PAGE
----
How does online payment processing work?

As a business owner, it’s helpful to understand exactly what it looks like to process online payments. Or, in other words, how money moves from your customer to your business.

There are two stages to online payment processing: the authorisation (approving the sale), and the settlement (getting the money in your account).

Card authorisation

When it comes to how card processing works, the authorisation process goes roughly like this:

  1. Your customer buys an item on your site with a credit or debit card.
  2. That information goes through the payment gateway, which encrypts the data to keep it private and sends it to the payment processor.
  3. The payment processor sends a request to the customer’s issuing bank to check if they have enough credit to pay for the item.
  4. The issuer responds with a yes (an approval) or a no (a denial).
  5. The payment processor sends the answer back to you. If the sale was approved, it also tells your merchant bank to credit your account.

In terms of online payments, all of the above takes place within one to two seconds in most cases.


The second piece of the online payment system process (where you get paid) is the settlement:

  1. The card issuer sends the funds to your merchant bank, which deposits the money into your account.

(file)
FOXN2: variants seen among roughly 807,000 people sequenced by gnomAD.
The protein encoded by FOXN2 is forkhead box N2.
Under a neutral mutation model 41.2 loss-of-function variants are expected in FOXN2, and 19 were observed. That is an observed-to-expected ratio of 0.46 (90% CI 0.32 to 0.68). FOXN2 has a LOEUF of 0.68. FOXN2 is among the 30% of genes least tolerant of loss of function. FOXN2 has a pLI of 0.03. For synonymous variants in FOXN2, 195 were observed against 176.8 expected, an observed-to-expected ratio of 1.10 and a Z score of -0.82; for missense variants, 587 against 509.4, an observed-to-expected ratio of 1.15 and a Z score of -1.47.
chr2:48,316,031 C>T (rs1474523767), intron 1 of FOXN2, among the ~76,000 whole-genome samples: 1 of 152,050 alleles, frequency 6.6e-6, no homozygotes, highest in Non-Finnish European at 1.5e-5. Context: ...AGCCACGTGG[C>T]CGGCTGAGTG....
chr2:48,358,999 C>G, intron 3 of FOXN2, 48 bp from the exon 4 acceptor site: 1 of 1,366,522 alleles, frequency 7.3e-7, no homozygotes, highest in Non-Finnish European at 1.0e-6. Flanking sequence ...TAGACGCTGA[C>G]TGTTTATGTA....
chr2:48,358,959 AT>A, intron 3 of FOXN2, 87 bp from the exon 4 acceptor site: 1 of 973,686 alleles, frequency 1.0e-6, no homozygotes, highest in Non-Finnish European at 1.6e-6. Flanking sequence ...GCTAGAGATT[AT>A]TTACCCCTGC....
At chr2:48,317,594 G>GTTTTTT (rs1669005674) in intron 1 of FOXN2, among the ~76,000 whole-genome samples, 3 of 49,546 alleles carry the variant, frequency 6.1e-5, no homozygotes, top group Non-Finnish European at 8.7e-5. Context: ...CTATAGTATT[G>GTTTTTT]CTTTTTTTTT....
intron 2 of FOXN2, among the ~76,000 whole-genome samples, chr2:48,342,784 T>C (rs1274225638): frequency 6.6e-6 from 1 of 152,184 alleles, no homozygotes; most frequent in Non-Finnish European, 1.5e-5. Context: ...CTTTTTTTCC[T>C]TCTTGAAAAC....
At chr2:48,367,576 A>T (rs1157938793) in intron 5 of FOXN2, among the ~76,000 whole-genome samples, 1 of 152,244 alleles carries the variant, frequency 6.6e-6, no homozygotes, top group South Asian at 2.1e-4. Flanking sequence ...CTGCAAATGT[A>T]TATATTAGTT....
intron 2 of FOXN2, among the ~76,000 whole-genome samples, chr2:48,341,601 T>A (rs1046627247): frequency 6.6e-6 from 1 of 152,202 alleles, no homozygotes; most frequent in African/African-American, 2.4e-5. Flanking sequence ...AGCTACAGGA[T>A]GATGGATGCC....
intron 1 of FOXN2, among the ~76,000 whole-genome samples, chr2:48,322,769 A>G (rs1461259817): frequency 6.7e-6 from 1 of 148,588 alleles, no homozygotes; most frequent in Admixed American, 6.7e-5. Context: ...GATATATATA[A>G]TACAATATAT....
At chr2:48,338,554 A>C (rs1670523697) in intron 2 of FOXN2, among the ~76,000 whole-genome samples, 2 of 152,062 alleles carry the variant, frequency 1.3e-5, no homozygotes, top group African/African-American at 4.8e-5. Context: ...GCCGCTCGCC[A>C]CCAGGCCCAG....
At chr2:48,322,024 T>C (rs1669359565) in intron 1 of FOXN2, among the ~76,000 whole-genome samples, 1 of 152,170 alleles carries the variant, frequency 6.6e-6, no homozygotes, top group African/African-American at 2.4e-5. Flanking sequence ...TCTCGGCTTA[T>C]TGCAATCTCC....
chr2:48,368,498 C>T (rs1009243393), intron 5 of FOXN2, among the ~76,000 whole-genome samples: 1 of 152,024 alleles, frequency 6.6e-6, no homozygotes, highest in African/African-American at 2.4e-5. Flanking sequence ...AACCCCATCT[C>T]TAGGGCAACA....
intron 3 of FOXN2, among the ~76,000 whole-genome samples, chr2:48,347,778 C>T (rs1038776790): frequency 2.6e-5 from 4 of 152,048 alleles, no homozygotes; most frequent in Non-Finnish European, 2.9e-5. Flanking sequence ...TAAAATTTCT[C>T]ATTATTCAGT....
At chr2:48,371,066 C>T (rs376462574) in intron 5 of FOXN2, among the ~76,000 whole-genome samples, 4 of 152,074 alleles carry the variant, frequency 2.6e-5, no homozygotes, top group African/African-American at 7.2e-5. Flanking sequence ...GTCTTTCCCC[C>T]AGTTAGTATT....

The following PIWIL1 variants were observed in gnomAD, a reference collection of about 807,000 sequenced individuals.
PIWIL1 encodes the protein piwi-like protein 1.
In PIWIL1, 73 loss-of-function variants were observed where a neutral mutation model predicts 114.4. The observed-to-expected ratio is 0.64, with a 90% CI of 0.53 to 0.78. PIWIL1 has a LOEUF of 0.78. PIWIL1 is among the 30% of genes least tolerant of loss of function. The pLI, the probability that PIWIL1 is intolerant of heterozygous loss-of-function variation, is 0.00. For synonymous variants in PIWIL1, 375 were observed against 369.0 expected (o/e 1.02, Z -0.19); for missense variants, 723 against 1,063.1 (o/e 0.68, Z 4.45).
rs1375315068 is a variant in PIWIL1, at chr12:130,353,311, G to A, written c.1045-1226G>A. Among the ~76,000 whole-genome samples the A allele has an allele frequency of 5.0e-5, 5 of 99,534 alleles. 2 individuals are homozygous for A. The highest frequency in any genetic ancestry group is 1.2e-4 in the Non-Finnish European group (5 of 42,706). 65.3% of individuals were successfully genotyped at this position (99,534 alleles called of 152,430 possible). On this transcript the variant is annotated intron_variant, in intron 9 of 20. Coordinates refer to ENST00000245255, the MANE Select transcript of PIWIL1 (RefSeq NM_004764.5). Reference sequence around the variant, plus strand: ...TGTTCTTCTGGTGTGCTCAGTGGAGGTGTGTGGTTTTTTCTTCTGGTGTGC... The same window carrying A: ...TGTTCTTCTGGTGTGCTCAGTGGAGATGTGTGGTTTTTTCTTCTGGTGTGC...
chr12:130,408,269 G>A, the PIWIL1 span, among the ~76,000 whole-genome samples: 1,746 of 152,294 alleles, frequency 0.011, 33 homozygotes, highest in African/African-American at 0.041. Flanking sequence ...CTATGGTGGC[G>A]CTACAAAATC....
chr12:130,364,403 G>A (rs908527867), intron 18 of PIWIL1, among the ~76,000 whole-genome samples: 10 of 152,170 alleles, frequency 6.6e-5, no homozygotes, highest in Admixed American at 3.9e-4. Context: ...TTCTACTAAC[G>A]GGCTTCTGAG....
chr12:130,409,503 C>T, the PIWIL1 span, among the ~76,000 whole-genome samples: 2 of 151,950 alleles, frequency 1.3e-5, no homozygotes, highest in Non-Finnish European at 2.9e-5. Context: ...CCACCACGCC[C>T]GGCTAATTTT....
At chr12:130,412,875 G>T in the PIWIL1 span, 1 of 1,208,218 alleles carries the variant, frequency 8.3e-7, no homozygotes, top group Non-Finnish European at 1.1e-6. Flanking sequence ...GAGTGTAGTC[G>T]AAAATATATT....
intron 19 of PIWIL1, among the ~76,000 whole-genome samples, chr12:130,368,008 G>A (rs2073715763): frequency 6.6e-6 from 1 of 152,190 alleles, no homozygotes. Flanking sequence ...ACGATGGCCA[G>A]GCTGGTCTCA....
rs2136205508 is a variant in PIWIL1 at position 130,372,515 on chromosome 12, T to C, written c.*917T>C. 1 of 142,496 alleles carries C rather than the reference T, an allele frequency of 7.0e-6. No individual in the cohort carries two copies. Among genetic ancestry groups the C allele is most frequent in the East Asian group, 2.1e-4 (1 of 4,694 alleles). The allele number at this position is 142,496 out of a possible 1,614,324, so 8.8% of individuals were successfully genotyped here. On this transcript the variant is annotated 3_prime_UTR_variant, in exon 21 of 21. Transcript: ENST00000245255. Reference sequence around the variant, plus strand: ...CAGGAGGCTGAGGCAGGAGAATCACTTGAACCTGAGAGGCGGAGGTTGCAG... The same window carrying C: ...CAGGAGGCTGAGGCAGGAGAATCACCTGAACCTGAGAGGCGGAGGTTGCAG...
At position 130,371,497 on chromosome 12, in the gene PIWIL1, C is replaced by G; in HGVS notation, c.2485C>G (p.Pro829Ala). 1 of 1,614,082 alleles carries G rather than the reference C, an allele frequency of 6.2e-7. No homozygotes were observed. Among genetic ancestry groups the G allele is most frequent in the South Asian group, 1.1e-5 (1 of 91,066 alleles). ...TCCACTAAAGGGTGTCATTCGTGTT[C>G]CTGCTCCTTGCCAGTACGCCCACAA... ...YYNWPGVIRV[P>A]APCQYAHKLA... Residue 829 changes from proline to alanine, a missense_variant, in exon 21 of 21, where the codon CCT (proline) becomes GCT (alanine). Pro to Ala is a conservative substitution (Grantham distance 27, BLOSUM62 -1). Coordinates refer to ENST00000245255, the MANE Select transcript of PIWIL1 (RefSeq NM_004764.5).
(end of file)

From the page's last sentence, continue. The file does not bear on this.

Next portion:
2. The funds are available to you now.

The settlement process can take a few days. Sometimes, your bank lets you access your money before it’s even sent to them. They also may keep a portion in your account that you can’t touch — just in case the customer returns the item later (called a reserve in payments).

Payment processing pricing and fees

We’ve learned about how payments come in, but what about the other side of the coin? What will it cost? As you may have guessed, everyone who touches the transaction wants to get paid, including the issuing bank, the credit card association (Visa, MasterCard, etc.), the merchant bank, and the payment processor.

At its most basic, every time you process a sales transaction, you pay four payment processing fees:

  • A percentage of the transaction amount: The issuer gets paid by taking a percentage of each sale, called the interchange. This fee varies depending on various factors, such as industry, sale amount, and type of card used.